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Has Cannabis Use Among Youth Increased After Changes in Its Legal Status? A Commentary on Use of Monitoring the Future for Analyses of Changes in State Cannabis Laws

Abstract

As US states move toward various forms of adult access to cannabis, there has been a great interest in measuring the impact of such changes on adolescent cannabis use. Two recent prominent analyses have used Monitoring the Future (MTF), a nationally representative survey of students, to examine the effects. We compared MTF data for California and for Washington State with other survey data on use by adolescents in those states. In both studies, findings based on MTF were different from those using other larger, state-representative surveys. The discrepancy reflects the high within-state variation in prevalence rates and the small number of schools in MTF state samples. Using the Washington Health Youth Survey, we estimate that after recreational cannabis legalization past 30-day cannabis use prevalence in grade 8 decreased by 22.0%, in grade 10 prevalence decreased by 12.7%, and no effect in grade 12. These trends are consistent with those in states without recreational cannabis laws, suggesting that legalization did not impact adolescent use prevalence. Long-term trends in MTF are consistent with other data, but year-to-year volatility in state-level series undermines the survey’s suitability for evaluation of state cannabis policy changes. Survey-based analyses at the state level need to be cross-validated with findings from other data sources. When findings are disparate and methodological rigor is equivalent, analyses of data sources specifically designed to describe state-level phenomena are more credible.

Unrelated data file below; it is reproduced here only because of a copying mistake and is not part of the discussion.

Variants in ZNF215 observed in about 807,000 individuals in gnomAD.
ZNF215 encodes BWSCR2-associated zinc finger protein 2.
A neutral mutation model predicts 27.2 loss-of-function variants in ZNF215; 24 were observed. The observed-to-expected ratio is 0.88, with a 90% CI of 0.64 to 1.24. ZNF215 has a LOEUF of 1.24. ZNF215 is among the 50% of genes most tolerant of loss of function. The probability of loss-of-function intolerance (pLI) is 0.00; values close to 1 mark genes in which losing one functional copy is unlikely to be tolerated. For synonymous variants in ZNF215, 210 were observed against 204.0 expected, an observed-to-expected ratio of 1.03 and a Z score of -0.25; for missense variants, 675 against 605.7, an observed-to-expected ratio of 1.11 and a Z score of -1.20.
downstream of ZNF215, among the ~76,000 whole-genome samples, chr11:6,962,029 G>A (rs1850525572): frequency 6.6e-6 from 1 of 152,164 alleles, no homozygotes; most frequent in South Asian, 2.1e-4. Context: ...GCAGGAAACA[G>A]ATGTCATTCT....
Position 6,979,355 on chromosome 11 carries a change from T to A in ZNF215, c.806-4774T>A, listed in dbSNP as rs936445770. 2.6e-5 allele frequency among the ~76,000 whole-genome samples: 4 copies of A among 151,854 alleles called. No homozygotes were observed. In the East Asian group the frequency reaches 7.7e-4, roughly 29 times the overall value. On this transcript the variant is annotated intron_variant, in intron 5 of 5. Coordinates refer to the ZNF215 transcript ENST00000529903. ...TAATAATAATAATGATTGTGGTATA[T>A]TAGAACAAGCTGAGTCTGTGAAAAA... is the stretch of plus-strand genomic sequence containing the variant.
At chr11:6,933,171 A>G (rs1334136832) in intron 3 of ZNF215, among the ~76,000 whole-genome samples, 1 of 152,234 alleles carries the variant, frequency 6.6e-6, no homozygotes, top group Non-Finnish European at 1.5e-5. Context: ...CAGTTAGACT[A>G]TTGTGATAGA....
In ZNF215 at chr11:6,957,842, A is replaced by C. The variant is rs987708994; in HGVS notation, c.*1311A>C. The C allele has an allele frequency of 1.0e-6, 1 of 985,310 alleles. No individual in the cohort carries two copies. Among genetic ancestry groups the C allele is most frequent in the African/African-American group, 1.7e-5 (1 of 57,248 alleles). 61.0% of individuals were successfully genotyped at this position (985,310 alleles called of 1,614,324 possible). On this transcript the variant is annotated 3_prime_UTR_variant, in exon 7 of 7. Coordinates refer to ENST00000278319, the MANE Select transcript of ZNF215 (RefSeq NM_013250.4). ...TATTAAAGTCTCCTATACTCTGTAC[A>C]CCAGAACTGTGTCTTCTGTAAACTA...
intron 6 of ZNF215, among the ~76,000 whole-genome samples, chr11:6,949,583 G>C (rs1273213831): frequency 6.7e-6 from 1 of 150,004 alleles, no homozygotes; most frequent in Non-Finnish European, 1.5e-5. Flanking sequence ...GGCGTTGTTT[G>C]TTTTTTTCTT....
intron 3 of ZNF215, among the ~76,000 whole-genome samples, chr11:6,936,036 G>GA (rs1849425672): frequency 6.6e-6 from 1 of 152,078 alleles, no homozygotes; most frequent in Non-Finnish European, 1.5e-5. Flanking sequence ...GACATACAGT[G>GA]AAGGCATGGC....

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Notes

  1. 1.

    The Marijuana Control, Regulation, and Education Act was introduced in February 2009 but was not approved by subcommittee until 2010 and failed to reach the floor of the State Assembly for vote. It is unlikely that this bill affected adolescent cannabis use in the state.

  2. 2.

    The mean simulation-based prevalence rates for each grade and period are not statistically different from the adjusted rates found by Dilley et al. (2018) based on Cerdá et al. (2017).

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Funding

This study was supported by the National Institute on Drug Abuse (NIDA) of the National Institutes of Health under award number 1R01DA039293. The content is solely the responsibility of the authors and does not necessarily represent the official views of the National Institutes of Health.

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Correspondence to Greg Midgette.

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Midgette, G., Reuter, P. Has Cannabis Use Among Youth Increased After Changes in Its Legal Status? A Commentary on Use of Monitoring the Future for Analyses of Changes in State Cannabis Laws. Prev Sci 21, 137–145 (2020). https://doi.org/10.1007/s11121-019-01068-4

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Keywords

  • Cannabis
  • Adolescent drug use
  • Survey research methods
  • Policy analysis